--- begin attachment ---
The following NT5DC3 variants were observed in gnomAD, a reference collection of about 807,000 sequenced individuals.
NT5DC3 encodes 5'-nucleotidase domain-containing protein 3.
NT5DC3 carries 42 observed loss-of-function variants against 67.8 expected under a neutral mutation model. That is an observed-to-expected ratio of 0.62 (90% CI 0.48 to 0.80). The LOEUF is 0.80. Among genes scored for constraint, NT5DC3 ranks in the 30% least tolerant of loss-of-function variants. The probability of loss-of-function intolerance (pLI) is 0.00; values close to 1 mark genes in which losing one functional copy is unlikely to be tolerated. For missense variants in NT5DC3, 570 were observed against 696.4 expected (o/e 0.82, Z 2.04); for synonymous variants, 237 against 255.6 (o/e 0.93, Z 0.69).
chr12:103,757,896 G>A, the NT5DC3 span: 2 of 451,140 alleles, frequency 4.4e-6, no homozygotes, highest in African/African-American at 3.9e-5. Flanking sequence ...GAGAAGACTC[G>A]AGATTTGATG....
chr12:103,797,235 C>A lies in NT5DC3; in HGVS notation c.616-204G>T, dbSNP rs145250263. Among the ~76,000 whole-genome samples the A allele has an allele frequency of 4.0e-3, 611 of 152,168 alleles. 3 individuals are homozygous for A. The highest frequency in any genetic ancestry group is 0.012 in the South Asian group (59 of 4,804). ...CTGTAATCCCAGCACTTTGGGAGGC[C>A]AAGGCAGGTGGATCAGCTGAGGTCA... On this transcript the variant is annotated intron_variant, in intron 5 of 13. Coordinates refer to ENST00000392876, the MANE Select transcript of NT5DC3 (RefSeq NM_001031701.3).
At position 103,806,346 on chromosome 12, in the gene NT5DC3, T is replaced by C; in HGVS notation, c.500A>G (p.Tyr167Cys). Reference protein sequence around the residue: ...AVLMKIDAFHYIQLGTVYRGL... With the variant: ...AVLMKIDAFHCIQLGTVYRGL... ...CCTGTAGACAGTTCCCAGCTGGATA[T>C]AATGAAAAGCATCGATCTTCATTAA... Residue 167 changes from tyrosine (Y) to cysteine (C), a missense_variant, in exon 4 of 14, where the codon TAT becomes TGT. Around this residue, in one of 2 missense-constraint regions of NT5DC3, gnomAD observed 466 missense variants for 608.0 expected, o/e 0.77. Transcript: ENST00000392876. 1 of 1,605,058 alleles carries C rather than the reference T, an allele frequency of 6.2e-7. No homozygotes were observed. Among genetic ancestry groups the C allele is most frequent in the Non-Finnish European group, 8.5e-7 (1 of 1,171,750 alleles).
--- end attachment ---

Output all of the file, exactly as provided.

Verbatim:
The following NT5DC3 variants were observed in gnomAD, a reference collection of about 807,000 sequenced individuals.
NT5DC3 encodes 5'-nucleotidase domain-containing protein 3.
NT5DC3 carries 42 observed loss-of-function variants against 67.8 expected under a neutral mutation model. That is an observed-to-expected ratio of 0.62 (90% CI 0.48 to 0.80). The LOEUF is 0.80. Among genes scored for constraint, NT5DC3 ranks in the 30% least tolerant of loss-of-function variants. The probability of loss-of-function intolerance (pLI) is 0.00; values close to 1 mark genes in which losing one functional copy is unlikely to be tolerated. For missense variants in NT5DC3, 570 were observed against 696.4 expected (o/e 0.82, Z 2.04); for synonymous variants, 237 against 255.6 (o/e 0.93, Z 0.69).
chr12:103,757,896 G>A, the NT5DC3 span: 2 of 451,140 alleles, frequency 4.4e-6, no homozygotes, highest in African/African-American at 3.9e-5. Flanking sequence ...GAGAAGACTC[G>A]AGATTTGATG....
chr12:103,797,235 C>A lies in NT5DC3; in HGVS notation c.616-204G>T, dbSNP rs145250263. Among the ~76,000 whole-genome samples the A allele has an allele frequency of 4.0e-3, 611 of 152,168 alleles. 3 individuals are homozygous for A. The highest frequency in any genetic ancestry group is 0.012 in the South Asian group (59 of 4,804). ...CTGTAATCCCAGCACTTTGGGAGGC[C>A]AAGGCAGGTGGATCAGCTGAGGTCA... On this transcript the variant is annotated intron_variant, in intron 5 of 13. Coordinates refer to ENST00000392876, the MANE Select transcript of NT5DC3 (RefSeq NM_001031701.3).
At position 103,806,346 on chromosome 12, in the gene NT5DC3, T is replaced by C; in HGVS notation, c.500A>G (p.Tyr167Cys). Reference protein sequence around the residue: ...AVLMKIDAFHYIQLGTVYRGL... With the variant: ...AVLMKIDAFHCIQLGTVYRGL... ...CCTGTAGACAGTTCCCAGCTGGATA[T>C]AATGAAAAGCATCGATCTTCATTAA... Residue 167 changes from tyrosine (Y) to cysteine (C), a missense_variant, in exon 4 of 14, where the codon TAT becomes TGT. Around this residue, in one of 2 missense-constraint regions of NT5DC3, gnomAD observed 466 missense variants for 608.0 expected, o/e 0.77. Transcript: ENST00000392876. 1 of 1,605,058 alleles carries C rather than the reference T, an allele frequency of 6.2e-7. No homozygotes were observed. Among genetic ancestry groups the C allele is most frequent in the Non-Finnish European group, 8.5e-7 (1 of 1,171,750 alleles).